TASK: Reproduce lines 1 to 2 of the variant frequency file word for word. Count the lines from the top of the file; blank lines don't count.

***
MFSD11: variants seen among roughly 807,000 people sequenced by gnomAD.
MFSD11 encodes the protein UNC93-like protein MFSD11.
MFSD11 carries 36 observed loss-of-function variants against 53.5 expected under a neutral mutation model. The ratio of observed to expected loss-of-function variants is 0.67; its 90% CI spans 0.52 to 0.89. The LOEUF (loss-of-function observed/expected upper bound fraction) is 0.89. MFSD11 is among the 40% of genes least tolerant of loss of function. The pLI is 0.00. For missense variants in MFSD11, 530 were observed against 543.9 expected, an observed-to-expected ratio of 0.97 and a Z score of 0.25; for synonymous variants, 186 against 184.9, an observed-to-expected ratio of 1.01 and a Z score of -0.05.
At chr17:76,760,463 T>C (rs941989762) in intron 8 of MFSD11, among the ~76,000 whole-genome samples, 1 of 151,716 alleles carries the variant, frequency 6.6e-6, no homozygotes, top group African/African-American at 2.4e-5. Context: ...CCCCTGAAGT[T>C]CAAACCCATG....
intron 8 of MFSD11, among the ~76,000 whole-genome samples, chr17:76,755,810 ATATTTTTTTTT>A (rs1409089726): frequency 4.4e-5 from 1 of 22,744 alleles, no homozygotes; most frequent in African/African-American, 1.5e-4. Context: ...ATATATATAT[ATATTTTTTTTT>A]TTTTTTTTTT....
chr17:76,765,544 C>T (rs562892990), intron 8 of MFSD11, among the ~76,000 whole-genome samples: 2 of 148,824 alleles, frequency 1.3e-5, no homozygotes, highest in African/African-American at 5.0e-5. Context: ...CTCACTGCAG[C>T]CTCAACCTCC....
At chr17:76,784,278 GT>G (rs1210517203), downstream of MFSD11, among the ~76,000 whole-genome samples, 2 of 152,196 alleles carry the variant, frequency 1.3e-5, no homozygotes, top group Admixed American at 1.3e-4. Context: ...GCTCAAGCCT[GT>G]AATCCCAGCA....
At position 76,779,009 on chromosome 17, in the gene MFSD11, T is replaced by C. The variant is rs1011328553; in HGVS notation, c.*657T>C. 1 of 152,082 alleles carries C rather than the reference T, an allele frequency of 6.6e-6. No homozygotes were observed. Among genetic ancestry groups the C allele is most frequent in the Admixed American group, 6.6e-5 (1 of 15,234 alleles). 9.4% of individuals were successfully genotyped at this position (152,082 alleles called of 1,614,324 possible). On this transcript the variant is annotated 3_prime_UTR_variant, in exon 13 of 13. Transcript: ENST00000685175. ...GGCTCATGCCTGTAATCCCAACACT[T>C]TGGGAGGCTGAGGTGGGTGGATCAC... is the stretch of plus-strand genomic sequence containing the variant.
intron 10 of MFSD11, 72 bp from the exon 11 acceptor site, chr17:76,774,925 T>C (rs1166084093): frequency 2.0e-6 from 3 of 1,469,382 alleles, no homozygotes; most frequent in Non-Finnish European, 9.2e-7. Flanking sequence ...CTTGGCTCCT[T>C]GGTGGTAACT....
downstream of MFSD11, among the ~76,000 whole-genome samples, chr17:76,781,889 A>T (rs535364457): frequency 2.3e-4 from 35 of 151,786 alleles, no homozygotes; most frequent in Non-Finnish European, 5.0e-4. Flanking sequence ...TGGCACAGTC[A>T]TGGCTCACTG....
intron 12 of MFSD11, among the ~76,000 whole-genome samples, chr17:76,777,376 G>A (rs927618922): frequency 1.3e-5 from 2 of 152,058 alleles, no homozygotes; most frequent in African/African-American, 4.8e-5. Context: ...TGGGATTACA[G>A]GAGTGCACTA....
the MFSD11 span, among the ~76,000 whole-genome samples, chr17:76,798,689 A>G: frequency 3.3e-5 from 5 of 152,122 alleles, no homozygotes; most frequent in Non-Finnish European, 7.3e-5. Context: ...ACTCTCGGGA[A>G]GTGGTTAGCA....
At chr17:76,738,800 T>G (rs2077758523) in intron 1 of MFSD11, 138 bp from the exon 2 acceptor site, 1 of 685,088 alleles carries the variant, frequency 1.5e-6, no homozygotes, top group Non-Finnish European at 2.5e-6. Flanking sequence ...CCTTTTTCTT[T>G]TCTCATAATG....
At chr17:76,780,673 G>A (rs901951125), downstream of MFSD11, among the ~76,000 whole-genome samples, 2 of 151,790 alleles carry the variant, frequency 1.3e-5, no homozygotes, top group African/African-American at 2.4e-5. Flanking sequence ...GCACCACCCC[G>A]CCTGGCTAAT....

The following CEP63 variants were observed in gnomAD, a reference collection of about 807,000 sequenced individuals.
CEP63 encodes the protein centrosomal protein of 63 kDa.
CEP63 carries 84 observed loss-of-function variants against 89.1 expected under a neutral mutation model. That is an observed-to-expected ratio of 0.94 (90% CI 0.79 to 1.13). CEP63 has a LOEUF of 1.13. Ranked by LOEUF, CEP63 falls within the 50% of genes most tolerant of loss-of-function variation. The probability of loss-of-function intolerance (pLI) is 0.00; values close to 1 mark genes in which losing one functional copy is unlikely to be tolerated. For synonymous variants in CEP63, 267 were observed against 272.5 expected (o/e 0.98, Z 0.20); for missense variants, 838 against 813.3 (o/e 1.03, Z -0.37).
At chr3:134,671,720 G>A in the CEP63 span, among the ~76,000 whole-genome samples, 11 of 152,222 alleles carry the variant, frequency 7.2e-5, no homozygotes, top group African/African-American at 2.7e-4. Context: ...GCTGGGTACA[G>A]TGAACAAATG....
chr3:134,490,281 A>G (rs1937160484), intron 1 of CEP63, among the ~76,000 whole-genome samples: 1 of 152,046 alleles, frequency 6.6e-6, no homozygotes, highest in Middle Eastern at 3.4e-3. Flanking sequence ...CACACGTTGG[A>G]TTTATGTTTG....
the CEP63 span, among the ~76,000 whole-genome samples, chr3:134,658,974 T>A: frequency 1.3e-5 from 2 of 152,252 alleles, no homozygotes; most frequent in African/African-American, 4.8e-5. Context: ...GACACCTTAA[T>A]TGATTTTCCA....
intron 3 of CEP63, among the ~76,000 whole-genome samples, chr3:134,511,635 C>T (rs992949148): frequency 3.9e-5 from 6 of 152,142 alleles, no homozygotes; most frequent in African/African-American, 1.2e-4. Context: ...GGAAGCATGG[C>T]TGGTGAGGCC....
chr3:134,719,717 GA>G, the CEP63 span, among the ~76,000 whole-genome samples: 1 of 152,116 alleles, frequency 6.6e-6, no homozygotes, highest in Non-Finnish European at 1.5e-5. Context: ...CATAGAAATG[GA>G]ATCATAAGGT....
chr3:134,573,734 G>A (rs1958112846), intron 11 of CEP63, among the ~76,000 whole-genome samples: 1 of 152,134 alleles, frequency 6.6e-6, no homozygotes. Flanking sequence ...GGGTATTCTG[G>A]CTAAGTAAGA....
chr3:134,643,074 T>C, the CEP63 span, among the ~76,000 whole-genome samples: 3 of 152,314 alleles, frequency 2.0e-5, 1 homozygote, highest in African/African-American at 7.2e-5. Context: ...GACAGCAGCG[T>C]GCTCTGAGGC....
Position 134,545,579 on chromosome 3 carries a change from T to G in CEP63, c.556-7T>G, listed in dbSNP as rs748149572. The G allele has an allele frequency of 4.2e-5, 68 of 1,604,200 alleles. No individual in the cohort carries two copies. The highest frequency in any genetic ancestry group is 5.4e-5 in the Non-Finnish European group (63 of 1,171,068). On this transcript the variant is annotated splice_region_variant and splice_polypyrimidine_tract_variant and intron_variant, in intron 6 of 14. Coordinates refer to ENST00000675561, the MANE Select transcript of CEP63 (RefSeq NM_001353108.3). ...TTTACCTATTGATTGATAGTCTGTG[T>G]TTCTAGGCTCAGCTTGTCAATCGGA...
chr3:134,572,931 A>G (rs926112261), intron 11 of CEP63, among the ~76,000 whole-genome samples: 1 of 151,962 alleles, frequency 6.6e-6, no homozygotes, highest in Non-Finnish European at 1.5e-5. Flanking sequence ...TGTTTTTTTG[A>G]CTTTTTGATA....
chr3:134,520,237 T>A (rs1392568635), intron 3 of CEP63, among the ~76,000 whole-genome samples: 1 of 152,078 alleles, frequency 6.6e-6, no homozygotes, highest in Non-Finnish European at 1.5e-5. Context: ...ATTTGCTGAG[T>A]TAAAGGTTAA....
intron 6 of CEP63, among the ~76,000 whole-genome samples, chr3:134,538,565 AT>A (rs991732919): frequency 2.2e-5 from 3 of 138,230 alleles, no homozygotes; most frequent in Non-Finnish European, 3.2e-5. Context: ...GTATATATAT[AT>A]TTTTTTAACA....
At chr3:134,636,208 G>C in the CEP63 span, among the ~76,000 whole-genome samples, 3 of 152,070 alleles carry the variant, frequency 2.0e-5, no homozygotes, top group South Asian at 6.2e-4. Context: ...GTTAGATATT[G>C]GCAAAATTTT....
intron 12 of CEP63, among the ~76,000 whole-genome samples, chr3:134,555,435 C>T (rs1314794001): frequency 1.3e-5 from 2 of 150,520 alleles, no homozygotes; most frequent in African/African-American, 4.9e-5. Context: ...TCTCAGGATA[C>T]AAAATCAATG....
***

MFSD11: variants seen among roughly 807,000 people sequenced by gnomAD.
MFSD11 encodes the protein UNC93-like protein MFSD11.